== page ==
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April 3, 1937

Essentials of Modern Medical Treatment

JAMA. 1937;108(14):1209. doi:10.1001/jama.1937.02780140065035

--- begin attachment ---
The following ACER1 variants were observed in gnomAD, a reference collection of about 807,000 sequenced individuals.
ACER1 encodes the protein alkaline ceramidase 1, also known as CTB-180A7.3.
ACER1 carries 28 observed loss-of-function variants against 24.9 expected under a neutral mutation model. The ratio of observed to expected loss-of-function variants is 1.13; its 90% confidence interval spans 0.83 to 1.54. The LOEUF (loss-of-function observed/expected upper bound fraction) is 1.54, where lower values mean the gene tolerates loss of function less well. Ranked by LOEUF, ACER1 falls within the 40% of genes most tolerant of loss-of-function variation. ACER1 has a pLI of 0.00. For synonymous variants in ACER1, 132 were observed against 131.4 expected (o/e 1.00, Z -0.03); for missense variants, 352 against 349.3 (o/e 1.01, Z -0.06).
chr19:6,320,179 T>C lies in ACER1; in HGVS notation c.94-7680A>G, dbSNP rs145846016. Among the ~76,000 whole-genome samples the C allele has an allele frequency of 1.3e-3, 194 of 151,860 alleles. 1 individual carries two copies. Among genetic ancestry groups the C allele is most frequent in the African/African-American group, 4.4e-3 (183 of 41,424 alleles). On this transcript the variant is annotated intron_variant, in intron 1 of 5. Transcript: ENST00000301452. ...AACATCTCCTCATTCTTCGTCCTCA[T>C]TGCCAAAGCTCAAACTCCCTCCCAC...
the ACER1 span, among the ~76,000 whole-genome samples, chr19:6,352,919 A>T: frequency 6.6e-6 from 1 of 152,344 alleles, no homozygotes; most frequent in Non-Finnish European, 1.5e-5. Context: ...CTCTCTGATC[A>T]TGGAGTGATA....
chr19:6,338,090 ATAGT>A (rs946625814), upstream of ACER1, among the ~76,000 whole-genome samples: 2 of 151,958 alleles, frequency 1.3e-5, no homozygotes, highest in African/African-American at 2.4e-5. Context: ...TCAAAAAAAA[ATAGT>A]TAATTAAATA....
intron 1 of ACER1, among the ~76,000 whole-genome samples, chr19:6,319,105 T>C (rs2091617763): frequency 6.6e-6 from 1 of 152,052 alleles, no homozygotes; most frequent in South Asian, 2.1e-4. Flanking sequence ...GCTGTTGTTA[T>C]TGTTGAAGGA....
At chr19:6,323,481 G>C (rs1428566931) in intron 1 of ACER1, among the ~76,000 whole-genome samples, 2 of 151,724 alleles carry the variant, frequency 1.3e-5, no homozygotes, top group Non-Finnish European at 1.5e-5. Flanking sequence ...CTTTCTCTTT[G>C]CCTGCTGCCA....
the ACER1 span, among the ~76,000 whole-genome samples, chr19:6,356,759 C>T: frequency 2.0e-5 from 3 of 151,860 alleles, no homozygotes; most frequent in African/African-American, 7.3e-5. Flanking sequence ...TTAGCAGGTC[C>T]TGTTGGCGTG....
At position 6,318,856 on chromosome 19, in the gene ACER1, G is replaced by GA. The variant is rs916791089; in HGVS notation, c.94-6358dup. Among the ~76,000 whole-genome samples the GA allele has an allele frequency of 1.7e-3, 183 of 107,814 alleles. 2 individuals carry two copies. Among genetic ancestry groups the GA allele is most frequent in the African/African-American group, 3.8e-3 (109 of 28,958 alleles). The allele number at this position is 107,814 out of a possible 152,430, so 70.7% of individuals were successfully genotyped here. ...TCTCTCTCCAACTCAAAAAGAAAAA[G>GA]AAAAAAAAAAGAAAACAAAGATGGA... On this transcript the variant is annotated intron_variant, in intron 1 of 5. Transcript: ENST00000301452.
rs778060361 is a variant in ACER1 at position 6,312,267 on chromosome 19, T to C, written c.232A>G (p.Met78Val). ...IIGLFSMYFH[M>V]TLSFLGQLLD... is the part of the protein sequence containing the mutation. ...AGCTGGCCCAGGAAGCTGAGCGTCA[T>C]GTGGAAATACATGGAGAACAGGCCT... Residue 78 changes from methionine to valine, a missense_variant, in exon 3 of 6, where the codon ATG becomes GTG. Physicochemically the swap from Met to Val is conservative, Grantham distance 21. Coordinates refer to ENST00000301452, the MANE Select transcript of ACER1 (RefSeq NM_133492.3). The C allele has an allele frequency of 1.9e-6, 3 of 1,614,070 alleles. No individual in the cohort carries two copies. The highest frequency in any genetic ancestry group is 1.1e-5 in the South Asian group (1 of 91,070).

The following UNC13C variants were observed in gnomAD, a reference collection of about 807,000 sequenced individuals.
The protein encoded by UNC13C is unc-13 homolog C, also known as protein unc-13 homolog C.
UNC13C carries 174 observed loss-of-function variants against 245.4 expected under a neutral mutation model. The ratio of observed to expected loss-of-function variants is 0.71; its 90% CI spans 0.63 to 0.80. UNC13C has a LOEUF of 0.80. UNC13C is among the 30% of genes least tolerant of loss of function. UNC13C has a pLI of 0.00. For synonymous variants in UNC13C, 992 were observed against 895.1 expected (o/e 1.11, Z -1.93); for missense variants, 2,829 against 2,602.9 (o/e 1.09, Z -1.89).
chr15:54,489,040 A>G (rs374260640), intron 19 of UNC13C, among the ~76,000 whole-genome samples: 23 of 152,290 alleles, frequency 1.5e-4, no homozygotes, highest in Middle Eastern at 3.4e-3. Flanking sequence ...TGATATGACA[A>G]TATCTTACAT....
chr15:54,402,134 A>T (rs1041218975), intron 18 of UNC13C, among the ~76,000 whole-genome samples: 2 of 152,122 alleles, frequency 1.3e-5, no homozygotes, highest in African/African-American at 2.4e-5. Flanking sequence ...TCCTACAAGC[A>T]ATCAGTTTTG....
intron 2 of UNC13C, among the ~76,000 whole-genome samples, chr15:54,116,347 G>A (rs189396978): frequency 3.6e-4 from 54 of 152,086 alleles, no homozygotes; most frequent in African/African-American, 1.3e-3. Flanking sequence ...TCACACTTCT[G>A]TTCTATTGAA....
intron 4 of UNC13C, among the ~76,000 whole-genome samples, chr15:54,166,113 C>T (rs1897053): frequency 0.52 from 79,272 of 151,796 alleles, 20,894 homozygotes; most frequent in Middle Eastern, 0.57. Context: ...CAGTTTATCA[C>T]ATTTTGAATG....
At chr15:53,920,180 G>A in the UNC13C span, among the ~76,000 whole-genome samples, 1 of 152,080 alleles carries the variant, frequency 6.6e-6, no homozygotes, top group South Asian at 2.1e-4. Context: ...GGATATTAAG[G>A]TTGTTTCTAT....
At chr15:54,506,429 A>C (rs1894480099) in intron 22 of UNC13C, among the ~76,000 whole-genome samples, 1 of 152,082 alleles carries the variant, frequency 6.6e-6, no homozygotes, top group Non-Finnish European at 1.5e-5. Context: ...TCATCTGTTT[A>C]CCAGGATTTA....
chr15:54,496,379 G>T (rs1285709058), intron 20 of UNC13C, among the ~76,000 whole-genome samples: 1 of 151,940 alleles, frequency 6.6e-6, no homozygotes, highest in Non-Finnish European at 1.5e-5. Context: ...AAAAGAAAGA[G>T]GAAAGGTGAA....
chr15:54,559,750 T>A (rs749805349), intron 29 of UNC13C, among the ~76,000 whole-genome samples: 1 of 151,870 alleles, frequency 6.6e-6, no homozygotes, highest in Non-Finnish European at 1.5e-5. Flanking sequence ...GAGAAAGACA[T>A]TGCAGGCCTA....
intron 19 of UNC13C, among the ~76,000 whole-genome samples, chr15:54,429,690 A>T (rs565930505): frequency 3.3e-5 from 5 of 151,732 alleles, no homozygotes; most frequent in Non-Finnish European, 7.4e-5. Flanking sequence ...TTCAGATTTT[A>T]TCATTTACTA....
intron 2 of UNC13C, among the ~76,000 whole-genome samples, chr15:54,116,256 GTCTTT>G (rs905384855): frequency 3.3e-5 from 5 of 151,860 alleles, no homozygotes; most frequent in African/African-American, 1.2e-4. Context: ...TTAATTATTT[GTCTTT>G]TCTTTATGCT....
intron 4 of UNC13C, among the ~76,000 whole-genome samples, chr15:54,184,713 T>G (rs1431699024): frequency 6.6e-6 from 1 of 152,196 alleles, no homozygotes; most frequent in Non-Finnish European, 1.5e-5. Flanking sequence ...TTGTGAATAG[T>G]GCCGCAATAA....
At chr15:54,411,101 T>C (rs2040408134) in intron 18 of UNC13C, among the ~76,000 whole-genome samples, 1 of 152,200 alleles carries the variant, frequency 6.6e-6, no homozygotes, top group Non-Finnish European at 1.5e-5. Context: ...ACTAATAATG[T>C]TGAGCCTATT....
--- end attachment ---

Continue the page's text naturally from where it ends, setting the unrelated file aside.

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This aims to provide the busy general practitioner with a work for ready reference on treatment. It is surprising how much practical information is packed into a small volume. Ripe experience shines through many of its maxims; e. g., "In sciatica do not attempt to stretch the nerve by extending the leg; it does more harm than good." Or, for obstinate cases of trigeminal neuralgia, "consider injection of 30 minims of alcohol, 90 per cent. This should only be done by an expert, and in any case risk of subsequent blindness is considerable. Most satisfactory treatment for intractable cases is partial ganglionectomy, which leaves out the inner and ophthalmic fibers, and so avoids risk of keratitis." In epilepsy "the ketogenic diet is only of limited benefit." In Ménière's disease, phenobarbital is recommended for the prevention of the attacks. In connection with the therapy of paralysis agitans the interesting statement is

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